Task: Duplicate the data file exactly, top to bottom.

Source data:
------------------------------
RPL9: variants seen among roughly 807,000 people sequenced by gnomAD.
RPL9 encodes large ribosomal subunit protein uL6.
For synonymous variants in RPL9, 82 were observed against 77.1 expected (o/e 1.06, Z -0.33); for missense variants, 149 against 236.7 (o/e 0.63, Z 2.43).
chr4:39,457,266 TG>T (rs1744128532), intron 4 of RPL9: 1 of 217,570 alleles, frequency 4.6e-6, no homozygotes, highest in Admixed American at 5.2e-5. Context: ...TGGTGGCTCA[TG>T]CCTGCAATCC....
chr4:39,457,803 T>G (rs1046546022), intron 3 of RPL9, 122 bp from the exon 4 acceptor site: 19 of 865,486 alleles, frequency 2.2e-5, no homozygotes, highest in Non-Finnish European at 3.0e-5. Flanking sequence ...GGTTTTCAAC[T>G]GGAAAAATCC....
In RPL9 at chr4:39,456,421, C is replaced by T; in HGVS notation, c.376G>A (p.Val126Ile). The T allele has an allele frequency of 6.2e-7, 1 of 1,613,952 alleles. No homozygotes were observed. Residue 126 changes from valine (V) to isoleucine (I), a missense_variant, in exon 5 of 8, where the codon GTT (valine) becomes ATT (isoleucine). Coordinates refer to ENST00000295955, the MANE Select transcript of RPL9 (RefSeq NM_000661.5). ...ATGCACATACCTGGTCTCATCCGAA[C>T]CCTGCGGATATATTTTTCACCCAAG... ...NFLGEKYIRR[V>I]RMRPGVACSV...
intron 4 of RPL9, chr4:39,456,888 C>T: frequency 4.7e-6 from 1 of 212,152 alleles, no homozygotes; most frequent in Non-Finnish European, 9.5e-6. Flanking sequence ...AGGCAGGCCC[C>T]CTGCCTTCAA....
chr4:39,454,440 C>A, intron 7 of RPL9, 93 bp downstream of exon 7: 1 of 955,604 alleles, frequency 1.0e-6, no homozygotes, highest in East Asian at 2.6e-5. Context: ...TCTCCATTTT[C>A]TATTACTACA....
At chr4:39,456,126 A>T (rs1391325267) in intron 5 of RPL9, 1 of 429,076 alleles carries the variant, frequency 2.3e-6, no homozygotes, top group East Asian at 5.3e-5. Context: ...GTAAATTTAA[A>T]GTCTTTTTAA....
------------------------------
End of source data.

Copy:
RPL9: variants seen among roughly 807,000 people sequenced by gnomAD.
RPL9 encodes large ribosomal subunit protein uL6.
For synonymous variants in RPL9, 82 were observed against 77.1 expected (o/e 1.06, Z -0.33); for missense variants, 149 against 236.7 (o/e 0.63, Z 2.43).
chr4:39,457,266 TG>T (rs1744128532), intron 4 of RPL9: 1 of 217,570 alleles, frequency 4.6e-6, no homozygotes, highest in Admixed American at 5.2e-5. Context: ...TGGTGGCTCA[TG>T]CCTGCAATCC....
chr4:39,457,803 T>G (rs1046546022), intron 3 of RPL9, 122 bp from the exon 4 acceptor site: 19 of 865,486 alleles, frequency 2.2e-5, no homozygotes, highest in Non-Finnish European at 3.0e-5. Flanking sequence ...GGTTTTCAAC[T>G]GGAAAAATCC....
In RPL9 at chr4:39,456,421, C is replaced by T; in HGVS notation, c.376G>A (p.Val126Ile). The T allele has an allele frequency of 6.2e-7, 1 of 1,613,952 alleles. No homozygotes were observed. Residue 126 changes from valine (V) to isoleucine (I), a missense_variant, in exon 5 of 8, where the codon GTT (valine) becomes ATT (isoleucine). Coordinates refer to ENST00000295955, the MANE Select transcript of RPL9 (RefSeq NM_000661.5). ...ATGCACATACCTGGTCTCATCCGAA[C>T]CCTGCGGATATATTTTTCACCCAAG... ...NFLGEKYIRR[V>I]RMRPGVACSV...
intron 4 of RPL9, chr4:39,456,888 C>T: frequency 4.7e-6 from 1 of 212,152 alleles, no homozygotes; most frequent in Non-Finnish European, 9.5e-6. Flanking sequence ...AGGCAGGCCC[C>T]CTGCCTTCAA....
chr4:39,454,440 C>A, intron 7 of RPL9, 93 bp downstream of exon 7: 1 of 955,604 alleles, frequency 1.0e-6, no homozygotes, highest in East Asian at 2.6e-5. Context: ...TCTCCATTTT[C>A]TATTACTACA....
At chr4:39,456,126 A>T (rs1391325267) in intron 5 of RPL9, 1 of 429,076 alleles carries the variant, frequency 2.3e-6, no homozygotes, top group East Asian at 5.3e-5. Context: ...GTAAATTTAA[A>T]GTCTTTTTAA....